In a Times/Herald interview at the city's downtown emergency operations center, Curry, a former chairman of the Republican Party of Florida, said he will be greatly relieved if the storm's impact turns out to be less than severe than predicted.

    "I've been running on adrenaline, as have many people," said Curry, who added that he makes no apologies for his dire warnings of Matthew's force and his insistence on a large-scale evacuation. "Anybody who wants to criticize me for taking it seriously, I'll take those slings and arrows all day long."

    Gov. Rick Scott is expected to visit Jacksonville as early as Saturday to monitor the work of utility crews working to restore power. And as luck would have it, this is a bye week for the hometown NFL Jaguars.



    11:55 p.m.: The state has notified the presidents of both Florida State University and the University of Miami that the Florida Highway Patrol will not provide the traditional escorts for the football game this weekend.

    “All state law enforcement will be doing hurricane response and recovery,’’ said Jackie Schutz, Scott’s communications director.

    She said that the schools make the decision about whether or not to cancel the game and the state would not be providing comment.

    However, the governor has urged people to avoid driving through areas still under evacuation and FSU has issued a warning to students and fans not to travel.

    “People need to be careful,’’ Schutz said. “There’s still a major Category 3 strom going up the coast.”

    After days of waiting for the impact of Hurricane Matthew, a couple ventures out to Fort Lauderdale Beach to take a swim after the threat of the storm was down graded in the late afternoon, October 6, 2016.


    10:45 a.m.: At Florida Hospital Flagler, about 20 miles north of Daytona Beach, a skeleton crew of physicians, nurses and staff locked the doors on Friday morning while they ride out Hurricane Matthew.

    “Matthew is just approaching Daytona right now, so we’re in the midst of it,” said John Subers, a public information officer inside the hospital who said he was following Matthew’s progress on the Weather Channel’s website.

    Hospital staff had evacuated 110 patients to other medical centers beginning on Tuesday, Subers said. Only one patient, who required emergency medical care, remained at the hospital.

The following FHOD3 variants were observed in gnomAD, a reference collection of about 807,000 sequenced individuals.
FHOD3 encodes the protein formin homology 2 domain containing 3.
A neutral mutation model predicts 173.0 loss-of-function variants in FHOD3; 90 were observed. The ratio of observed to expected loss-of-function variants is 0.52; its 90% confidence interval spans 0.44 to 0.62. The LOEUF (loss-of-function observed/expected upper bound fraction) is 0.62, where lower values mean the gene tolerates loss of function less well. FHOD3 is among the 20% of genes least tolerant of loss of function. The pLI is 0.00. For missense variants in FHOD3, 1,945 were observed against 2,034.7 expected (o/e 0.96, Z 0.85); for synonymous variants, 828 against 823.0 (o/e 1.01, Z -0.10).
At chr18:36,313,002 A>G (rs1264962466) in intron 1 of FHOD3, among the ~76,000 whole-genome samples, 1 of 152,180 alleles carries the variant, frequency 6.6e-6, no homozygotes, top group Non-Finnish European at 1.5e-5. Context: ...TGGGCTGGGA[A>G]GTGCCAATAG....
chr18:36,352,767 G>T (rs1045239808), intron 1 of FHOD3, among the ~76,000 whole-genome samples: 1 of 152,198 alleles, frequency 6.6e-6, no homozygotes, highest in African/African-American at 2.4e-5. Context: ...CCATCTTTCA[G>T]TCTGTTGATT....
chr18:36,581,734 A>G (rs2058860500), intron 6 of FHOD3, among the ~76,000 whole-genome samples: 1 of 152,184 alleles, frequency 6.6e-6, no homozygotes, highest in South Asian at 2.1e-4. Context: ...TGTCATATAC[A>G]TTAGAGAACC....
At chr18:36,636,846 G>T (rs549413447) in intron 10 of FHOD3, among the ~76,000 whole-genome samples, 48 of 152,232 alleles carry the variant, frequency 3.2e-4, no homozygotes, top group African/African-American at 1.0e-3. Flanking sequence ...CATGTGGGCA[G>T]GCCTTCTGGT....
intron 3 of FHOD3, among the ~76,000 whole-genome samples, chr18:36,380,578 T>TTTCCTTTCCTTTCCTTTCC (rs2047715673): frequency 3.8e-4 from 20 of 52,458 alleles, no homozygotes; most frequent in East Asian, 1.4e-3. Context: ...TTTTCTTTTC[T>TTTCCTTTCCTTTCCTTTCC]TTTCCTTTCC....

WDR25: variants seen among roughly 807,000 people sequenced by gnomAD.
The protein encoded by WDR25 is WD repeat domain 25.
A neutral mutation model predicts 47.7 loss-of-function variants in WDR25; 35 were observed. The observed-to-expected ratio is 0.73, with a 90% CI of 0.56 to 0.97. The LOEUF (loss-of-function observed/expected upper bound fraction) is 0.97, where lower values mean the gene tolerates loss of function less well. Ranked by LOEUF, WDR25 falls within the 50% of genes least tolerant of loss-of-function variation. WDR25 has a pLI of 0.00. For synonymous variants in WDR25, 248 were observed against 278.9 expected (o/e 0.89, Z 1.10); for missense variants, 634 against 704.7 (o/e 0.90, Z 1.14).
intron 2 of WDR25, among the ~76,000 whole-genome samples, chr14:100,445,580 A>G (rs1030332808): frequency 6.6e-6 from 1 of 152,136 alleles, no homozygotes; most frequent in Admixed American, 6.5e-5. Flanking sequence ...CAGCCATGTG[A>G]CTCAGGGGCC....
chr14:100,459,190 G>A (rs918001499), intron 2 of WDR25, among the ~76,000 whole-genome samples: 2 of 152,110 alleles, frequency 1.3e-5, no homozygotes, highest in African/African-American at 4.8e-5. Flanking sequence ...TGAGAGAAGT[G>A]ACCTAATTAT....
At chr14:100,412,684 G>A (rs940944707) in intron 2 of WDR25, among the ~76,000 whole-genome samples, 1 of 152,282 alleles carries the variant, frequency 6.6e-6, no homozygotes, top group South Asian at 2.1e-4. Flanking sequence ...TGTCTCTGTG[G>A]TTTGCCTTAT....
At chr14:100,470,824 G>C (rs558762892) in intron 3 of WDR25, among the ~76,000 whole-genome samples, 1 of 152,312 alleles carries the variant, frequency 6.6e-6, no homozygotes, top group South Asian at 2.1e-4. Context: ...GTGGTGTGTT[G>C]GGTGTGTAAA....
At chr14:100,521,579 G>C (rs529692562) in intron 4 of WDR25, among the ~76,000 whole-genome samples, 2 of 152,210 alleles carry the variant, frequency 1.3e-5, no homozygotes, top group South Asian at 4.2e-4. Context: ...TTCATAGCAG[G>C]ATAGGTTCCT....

Early Friday, when sustained winds reached 45 mph, county officials grounded ambulances and other emergency responders.

    “We’re somewhat in lockdown,” Subers said. “We’re certainly not allowed outside the bulding and nobody is allowed in.”

    Florida Hospital is the only hospital in Flagler County, he said, though it’s part of a larger system of medical centers throughout Central Florida. Patients were evacuated to sister facilities in Orlando and Winter Garden, and to UF Health Shands Hospital in Gainesville.

    Subers said he expected Florida Hospital Flagler to begin returning to normal operations late Friday after Matthew had passed and emergency responders have returned to the roads.

    “As soon as the weather cleras,” he said, “more staff will start coming in to get ready for our build up, which we expect.”


    10:15 a.m.: With Hurricane Matthew continuing its approach up the coast, Florida Gov. Rick Scott said Friday that the eyewall remained 20 miles east of Cape Canaveral and warned North Florida to remain vigilant.

    “This is still a 120 mph storm. While the eye has not made direct landfall, it still has time to make a direct hit,’’ he said at the first public briefing of the day as the storm continued to pummel the northern half of the state.

    He said an estimated 600,000 Floridians are without power and the major concern remains in the low-lying areas of Duval and Nassau Counties where there is potential for a 10-foot storm surge that could do lead to major flooding, into downtown Jacksonvillle.

    Scott said that Florida Fish and Wildlife, the National Guard and local authorities in South Florida are doing initial assessments and there have been no reports of fatalities and all major roads have been cleared. Tolls remain suspended and there were no major damage or hazards.